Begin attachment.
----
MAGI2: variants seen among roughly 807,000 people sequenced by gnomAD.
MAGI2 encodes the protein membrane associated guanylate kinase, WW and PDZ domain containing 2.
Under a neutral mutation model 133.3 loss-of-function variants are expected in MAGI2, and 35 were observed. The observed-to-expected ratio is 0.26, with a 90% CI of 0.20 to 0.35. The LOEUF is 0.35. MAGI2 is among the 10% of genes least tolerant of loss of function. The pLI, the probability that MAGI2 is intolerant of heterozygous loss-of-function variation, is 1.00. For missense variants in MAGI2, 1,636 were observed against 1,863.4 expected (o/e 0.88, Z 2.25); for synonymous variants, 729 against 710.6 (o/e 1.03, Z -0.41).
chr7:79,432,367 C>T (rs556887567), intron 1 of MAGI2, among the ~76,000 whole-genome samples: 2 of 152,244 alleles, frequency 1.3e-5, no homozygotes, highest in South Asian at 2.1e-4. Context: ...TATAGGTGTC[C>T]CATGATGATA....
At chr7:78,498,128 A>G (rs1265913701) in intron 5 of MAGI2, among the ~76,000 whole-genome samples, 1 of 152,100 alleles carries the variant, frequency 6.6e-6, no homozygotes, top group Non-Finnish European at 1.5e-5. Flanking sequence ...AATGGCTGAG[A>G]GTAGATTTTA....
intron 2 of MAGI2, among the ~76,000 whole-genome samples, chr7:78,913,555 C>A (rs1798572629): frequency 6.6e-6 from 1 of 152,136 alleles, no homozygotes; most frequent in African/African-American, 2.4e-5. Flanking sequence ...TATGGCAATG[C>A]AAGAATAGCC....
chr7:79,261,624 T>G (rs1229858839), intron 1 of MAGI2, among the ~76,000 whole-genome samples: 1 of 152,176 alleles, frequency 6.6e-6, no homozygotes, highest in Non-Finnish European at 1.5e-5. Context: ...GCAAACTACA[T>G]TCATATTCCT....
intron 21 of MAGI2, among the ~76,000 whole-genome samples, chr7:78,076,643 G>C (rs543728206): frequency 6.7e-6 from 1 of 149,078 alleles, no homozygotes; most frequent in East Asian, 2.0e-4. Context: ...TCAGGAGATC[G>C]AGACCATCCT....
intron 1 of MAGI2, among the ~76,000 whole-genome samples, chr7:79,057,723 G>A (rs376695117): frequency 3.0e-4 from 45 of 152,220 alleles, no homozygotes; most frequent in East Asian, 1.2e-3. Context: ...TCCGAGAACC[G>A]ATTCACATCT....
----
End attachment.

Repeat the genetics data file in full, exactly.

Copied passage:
MAGI2: variants seen among roughly 807,000 people sequenced by gnomAD.
MAGI2 encodes the protein membrane associated guanylate kinase, WW and PDZ domain containing 2.
Under a neutral mutation model 133.3 loss-of-function variants are expected in MAGI2, and 35 were observed. The observed-to-expected ratio is 0.26, with a 90% CI of 0.20 to 0.35. The LOEUF is 0.35. MAGI2 is among the 10% of genes least tolerant of loss of function. The pLI, the probability that MAGI2 is intolerant of heterozygous loss-of-function variation, is 1.00. For missense variants in MAGI2, 1,636 were observed against 1,863.4 expected (o/e 0.88, Z 2.25); for synonymous variants, 729 against 710.6 (o/e 1.03, Z -0.41).
chr7:79,432,367 C>T (rs556887567), intron 1 of MAGI2, among the ~76,000 whole-genome samples: 2 of 152,244 alleles, frequency 1.3e-5, no homozygotes, highest in South Asian at 2.1e-4. Context: ...TATAGGTGTC[C>T]CATGATGATA....
At chr7:78,498,128 A>G (rs1265913701) in intron 5 of MAGI2, among the ~76,000 whole-genome samples, 1 of 152,100 alleles carries the variant, frequency 6.6e-6, no homozygotes, top group Non-Finnish European at 1.5e-5. Flanking sequence ...AATGGCTGAG[A>G]GTAGATTTTA....
intron 2 of MAGI2, among the ~76,000 whole-genome samples, chr7:78,913,555 C>A (rs1798572629): frequency 6.6e-6 from 1 of 152,136 alleles, no homozygotes; most frequent in African/African-American, 2.4e-5. Flanking sequence ...TATGGCAATG[C>A]AAGAATAGCC....
chr7:79,261,624 T>G (rs1229858839), intron 1 of MAGI2, among the ~76,000 whole-genome samples: 1 of 152,176 alleles, frequency 6.6e-6, no homozygotes, highest in Non-Finnish European at 1.5e-5. Context: ...GCAAACTACA[T>G]TCATATTCCT....
intron 21 of MAGI2, among the ~76,000 whole-genome samples, chr7:78,076,643 G>C (rs543728206): frequency 6.7e-6 from 1 of 149,078 alleles, no homozygotes; most frequent in East Asian, 2.0e-4. Context: ...TCAGGAGATC[G>C]AGACCATCCT....
intron 1 of MAGI2, among the ~76,000 whole-genome samples, chr7:79,057,723 G>A (rs376695117): frequency 3.0e-4 from 45 of 152,220 alleles, no homozygotes; most frequent in East Asian, 1.2e-3. Context: ...TCCGAGAACC[G>A]ATTCACATCT....